I’m borrowing the word ‘symbiotic’ from biology, which is used when two different types of organisms live together (rather intimately) to their mutual benefit.
For example, there is a rather brave bird (called a ‘plover’) which shares a symbiotic relationship with the crocodile. Incredibly, the crocodile opens its mouth and lets the plover pick meat out of its teeth, not harming the plover. The plover gains a meal, while the crocodile gets its teeth cleaned.
Perhaps this wasn’t the best example. I’m not implying that the traditional publisher is like a crocodile and indies are bravely picking its teeth. I am implying that the relationship may be symbiotic, but not quite that way.🙂
In biology, the relationship may not always be mutually beneficial, but that’s what I have in mind by applying this concept to the publishing world. I believe the relationship between traditional and indie publishing to be mutually beneficial, not parasitic.
Here are some ways in which traditional and indie publishing are mutually beneficial:
- Authors have the opportunity to avoid possible rejection letters by self-publishing. This benefits traditional publishing by reducing the number of proposals that need to be filtered.
- Self-publishers provide ample business to print-on-demand publishers like CreateSpace and Ingram Spark. Traditional publishers benefit from this service, too, keeping titles ‘in stock’ which would otherwise be retired. The combined use of this service helps to keep the cost low for everybody.
- Small publishers have increased their business by offering formatting, editing, and cover design services to self-publishers. This helps self-publishers improve their books.
- The presence of indie authors significantly enhances the population of authors overall, which helps boost participation in author support groups – like writing groups, blogging communities, and social media sites. Many traditional authors in these communities have much experience to share.
- The combined number of books – i.e. indie plus traditional – has led to an increased number of writing contests, review sites, magazines, etc. This increases the opportunities for all authors to improve their exposure and branding.
- The combined number of e-books – i.e. indie plus traditional – impacts the price of e-readers in a positive way for consumers, and the availability of e-book publishing services for authors.
- Both types of authors draw readers, especially when the books are very readable, enjoyable, or informative. I personally buy and read many more books now than when there only used to be traditionally published books available, and there are many others like me in this regard. Both types of books may generate sales for the other type through customers-also-bought lists.
Let me take the analogy a step farther.
The crocodiles could eat the plovers. They would gain some meals in the short run, but their teeth would be dirty in the long run. Even worse, the plovers could bite the crocodiles’ tongues.
Now imagine traditional publishers marketing negative things about indie books or vice-versa. If successful, this would be bad business for everybody. Many customers buy Kindles not just to read traditional e-books and not just to read indie e-books. If marketing efforts portray a lousy image for many e-books, it makes the e-reader itself less attractive.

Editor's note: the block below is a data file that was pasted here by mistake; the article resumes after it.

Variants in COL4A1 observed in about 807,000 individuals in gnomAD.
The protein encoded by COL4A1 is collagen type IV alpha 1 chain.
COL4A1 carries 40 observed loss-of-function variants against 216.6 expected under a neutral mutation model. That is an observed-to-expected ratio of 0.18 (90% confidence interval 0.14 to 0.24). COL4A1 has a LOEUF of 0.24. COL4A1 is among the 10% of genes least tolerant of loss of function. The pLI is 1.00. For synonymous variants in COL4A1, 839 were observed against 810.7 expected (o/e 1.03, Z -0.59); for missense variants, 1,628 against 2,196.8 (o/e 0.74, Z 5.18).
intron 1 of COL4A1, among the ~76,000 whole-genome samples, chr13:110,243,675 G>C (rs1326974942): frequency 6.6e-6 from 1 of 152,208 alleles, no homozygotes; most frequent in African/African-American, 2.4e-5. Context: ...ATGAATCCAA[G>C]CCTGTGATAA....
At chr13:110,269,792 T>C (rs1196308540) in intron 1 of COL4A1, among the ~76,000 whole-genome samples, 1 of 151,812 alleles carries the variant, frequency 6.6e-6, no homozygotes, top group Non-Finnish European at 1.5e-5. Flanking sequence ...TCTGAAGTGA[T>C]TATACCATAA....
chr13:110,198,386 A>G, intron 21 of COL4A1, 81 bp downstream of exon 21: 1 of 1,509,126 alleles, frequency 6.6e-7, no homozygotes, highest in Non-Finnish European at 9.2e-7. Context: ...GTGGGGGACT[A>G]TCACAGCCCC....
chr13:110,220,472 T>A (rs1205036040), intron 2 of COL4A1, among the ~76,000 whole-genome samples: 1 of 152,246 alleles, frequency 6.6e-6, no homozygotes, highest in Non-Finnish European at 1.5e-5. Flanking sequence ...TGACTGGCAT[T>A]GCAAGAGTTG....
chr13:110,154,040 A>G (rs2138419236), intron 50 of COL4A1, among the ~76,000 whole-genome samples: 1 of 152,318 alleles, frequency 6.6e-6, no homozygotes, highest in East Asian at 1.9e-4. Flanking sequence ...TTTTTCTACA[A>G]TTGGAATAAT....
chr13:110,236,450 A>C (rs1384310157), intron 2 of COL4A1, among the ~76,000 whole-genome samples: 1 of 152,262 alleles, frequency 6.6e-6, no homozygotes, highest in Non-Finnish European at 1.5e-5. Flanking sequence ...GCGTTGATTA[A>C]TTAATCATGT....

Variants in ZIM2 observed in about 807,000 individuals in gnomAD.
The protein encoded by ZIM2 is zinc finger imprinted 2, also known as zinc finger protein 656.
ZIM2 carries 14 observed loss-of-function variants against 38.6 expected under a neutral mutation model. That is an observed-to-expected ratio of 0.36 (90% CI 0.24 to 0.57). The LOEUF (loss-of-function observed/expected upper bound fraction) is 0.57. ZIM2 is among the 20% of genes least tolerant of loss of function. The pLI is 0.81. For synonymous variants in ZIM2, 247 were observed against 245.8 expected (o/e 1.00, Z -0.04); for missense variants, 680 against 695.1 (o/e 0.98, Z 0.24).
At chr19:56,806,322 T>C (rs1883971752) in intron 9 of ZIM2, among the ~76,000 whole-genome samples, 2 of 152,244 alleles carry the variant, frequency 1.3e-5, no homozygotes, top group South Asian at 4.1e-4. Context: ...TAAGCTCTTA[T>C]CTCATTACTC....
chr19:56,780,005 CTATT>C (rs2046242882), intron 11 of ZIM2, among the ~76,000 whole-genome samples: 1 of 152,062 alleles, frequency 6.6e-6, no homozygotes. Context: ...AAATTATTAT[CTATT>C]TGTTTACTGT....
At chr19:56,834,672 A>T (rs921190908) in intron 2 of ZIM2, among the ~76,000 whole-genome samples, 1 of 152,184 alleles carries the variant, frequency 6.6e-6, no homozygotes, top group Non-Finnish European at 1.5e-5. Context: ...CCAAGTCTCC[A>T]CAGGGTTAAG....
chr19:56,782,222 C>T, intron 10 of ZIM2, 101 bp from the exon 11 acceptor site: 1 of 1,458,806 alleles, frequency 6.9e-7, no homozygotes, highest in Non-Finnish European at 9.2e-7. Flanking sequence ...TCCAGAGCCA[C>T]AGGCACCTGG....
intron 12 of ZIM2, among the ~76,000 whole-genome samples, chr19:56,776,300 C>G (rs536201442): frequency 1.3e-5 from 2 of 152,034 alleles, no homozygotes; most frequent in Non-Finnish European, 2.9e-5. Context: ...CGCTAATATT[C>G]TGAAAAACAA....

If you could put a huge dent in either type of publishing, that would reduce the usage of print-on-demand services and e-readers both, which would impact pricing, competitiveness, and availability of services. It would also put a huge dent in readership.
The relationship between indie and traditional publishing may not be ‘obligate,’ meaning that survival of one entirely depends on the existence of the other. However, if either form were to vanish, it would have a major impact on the other.
From a marketing perspective, it makes sense to say good things about books, e-books, readers, authors, and publishers of all kinds. Putting time and effort into marketing your own book would be partially negated by also spreading a negative image for books at large. That negative image would decrease sales overall, which would come back to haunt you, statistically. Spreading a positive image of all kinds of books helps to reinforce your own marketing.
Similar books may also share a symbiotic relationship. Customers usually don’t buy one-or-the-other, but buy several similar books (if not all at once, spread over time – thinking, “Where can I get more like this?”).
Foolish authors who blast the competition shoot themselves in the foot. If successful at hurting the sales of similar books, they also hurt their own books.
When instead similar books are thriving, they all tend to thrive together – e.g. through customer-also-bought associations.
It’s not like there is only one book at the top and nothing else sells. There is plenty of room for readable, enjoyable, or informative books. Similar books can thrive together in symbiotic relationships.
It used to be that a paperback book selling about once a day had a sales rank around 50,000 at Amazon. Now it might sell once a day and have a sales rank well over 100,000. This shows that the total number of books selling frequently has increased. Much of this may be the result of symbiotic relationships among similar books, plus the increased number of good books to read and an increase in readership, as well as an increase in e-readers and e-books.
Chris McMullen, author of A Detailed Guide to Self-Publishing with Amazon and Other Online Booksellers, Vol. 1 (formatting/publishing) and Vol. 2 (packaging/marketing)